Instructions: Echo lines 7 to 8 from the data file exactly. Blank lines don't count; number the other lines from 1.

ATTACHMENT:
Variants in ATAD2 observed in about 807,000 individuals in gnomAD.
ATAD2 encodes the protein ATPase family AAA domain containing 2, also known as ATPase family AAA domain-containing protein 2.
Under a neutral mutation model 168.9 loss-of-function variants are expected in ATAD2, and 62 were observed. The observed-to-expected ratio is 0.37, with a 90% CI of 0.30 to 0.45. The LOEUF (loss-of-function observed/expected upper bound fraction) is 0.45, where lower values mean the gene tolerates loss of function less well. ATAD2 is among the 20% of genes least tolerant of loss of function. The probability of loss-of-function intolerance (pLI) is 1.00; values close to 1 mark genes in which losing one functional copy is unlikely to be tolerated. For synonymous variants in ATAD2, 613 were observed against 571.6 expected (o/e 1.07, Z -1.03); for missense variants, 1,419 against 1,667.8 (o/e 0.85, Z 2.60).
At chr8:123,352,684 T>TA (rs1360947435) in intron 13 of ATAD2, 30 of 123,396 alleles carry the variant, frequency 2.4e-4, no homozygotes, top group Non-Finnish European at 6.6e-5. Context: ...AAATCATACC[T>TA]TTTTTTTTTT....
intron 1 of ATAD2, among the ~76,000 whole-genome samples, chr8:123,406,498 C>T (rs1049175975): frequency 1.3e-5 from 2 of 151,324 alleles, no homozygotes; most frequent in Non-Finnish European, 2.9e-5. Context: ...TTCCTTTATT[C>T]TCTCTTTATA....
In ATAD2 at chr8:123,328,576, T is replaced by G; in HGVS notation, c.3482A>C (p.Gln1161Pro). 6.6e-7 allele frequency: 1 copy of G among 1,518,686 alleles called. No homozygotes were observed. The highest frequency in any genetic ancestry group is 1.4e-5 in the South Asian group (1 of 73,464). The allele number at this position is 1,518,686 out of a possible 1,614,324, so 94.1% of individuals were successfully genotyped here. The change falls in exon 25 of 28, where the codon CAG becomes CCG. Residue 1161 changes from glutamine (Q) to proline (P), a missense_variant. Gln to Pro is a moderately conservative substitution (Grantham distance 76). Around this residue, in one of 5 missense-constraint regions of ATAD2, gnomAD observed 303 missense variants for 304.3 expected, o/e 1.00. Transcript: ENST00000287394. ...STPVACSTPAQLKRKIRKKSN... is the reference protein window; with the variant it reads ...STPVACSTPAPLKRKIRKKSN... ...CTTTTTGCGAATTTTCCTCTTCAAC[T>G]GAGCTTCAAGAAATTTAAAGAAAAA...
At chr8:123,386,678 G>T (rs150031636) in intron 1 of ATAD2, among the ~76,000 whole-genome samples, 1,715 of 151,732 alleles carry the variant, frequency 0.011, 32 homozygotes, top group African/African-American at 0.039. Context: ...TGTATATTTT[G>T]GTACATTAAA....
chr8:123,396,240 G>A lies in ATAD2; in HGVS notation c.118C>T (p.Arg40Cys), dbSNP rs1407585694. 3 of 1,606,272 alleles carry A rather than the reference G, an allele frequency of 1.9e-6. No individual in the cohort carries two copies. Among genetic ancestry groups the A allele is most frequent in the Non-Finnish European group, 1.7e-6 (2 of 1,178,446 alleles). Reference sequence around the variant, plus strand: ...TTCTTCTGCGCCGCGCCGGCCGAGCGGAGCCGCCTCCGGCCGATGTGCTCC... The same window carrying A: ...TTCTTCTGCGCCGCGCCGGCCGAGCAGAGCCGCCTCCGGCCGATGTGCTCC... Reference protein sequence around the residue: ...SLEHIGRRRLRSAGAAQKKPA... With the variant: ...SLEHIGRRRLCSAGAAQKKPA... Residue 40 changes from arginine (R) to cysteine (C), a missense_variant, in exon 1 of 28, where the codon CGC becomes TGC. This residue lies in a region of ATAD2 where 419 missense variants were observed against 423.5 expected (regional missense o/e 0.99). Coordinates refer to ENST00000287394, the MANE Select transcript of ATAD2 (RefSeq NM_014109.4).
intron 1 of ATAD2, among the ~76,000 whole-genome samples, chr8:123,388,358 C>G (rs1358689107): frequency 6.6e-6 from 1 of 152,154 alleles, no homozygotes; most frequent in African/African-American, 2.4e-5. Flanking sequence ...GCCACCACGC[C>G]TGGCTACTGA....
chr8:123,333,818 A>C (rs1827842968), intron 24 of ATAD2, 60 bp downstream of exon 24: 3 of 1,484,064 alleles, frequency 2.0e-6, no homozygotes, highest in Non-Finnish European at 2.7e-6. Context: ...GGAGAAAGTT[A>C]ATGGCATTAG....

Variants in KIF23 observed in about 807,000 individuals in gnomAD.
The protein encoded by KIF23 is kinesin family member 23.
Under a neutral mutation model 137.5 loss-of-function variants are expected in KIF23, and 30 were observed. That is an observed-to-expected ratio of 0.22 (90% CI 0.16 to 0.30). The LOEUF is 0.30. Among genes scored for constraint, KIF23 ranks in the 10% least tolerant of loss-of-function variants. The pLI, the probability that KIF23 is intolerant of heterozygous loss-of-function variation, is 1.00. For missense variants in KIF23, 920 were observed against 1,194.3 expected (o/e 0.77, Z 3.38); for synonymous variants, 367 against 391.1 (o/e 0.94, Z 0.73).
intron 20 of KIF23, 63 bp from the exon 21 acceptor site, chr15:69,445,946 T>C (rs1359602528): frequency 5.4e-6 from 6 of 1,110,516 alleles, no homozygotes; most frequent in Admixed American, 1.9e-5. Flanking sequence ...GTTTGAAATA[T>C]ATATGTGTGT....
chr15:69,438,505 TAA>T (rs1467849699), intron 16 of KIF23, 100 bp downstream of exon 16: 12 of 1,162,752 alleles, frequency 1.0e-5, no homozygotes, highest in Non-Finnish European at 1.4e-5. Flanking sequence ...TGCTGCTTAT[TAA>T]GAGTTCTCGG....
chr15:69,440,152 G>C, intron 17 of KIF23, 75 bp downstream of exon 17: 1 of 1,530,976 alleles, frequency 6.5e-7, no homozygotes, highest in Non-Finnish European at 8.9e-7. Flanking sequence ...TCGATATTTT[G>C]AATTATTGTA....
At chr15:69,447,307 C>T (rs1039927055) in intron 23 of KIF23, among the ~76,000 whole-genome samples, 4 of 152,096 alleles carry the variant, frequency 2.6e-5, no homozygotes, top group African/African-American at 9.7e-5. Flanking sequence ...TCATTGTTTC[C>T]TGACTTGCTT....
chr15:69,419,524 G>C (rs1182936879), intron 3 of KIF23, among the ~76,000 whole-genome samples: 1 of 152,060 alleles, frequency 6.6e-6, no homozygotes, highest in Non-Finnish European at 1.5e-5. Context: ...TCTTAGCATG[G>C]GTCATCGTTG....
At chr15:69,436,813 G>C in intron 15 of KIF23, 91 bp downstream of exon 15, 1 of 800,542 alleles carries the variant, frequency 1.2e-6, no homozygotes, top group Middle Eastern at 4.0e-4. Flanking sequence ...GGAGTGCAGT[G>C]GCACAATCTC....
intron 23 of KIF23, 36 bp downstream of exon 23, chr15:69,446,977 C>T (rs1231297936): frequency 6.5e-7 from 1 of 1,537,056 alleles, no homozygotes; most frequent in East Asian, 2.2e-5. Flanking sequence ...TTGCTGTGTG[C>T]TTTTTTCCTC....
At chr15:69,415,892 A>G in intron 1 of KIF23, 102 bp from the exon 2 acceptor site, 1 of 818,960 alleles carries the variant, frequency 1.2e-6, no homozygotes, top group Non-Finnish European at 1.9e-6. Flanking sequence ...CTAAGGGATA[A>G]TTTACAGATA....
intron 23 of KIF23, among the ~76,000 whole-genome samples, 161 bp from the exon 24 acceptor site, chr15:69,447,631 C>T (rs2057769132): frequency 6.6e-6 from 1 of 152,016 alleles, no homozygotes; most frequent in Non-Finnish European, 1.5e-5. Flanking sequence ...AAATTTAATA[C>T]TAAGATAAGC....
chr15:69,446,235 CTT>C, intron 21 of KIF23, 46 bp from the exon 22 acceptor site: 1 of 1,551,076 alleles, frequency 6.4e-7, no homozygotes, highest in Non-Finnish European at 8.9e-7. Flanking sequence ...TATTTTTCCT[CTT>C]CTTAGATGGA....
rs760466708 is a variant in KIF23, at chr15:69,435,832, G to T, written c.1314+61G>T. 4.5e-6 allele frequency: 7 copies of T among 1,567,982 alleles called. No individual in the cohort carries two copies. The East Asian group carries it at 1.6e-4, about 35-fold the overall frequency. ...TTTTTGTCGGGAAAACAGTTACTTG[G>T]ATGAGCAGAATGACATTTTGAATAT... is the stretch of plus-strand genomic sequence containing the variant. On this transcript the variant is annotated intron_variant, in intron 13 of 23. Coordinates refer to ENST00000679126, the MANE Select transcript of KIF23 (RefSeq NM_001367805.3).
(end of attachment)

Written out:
At chr8:123,386,678 G>T (rs150031636) in intron 1 of ATAD2, among the ~76,000 whole-genome samples, 1,715 of 151,732 alleles carry the variant, frequency 0.011, 32 homozygotes, top group African/African-American at 0.039. Context: ...TGTATATTTT[G>T]GTACATTAAA....
chr8:123,396,240 G>A lies in ATAD2; in HGVS notation c.118C>T (p.Arg40Cys), dbSNP rs1407585694. 3 of 1,606,272 alleles carry A rather than the reference G, an allele frequency of 1.9e-6. No individual in the cohort carries two copies. Among genetic ancestry groups the A allele is most frequent in the Non-Finnish European group, 1.7e-6 (2 of 1,178,446 alleles). Reference sequence around the variant, plus strand: ...TTCTTCTGCGCCGCGCCGGCCGAGCGGAGCCGCCTCCGGCCGATGTGCTCC... The same window carrying A: ...TTCTTCTGCGCCGCGCCGGCCGAGCAGAGCCGCCTCCGGCCGATGTGCTCC... Reference protein sequence around the residue: ...SLEHIGRRRLRSAGAAQKKPA... With the variant: ...SLEHIGRRRLCSAGAAQKKPA... Residue 40 changes from arginine (R) to cysteine (C), a missense_variant, in exon 1 of 28, where the codon CGC becomes TGC. This residue lies in a region of ATAD2 where 419 missense variants were observed against 423.5 expected (regional missense o/e 0.99). Coordinates refer to ENST00000287394, the MANE Select transcript of ATAD2 (RefSeq NM_014109.4).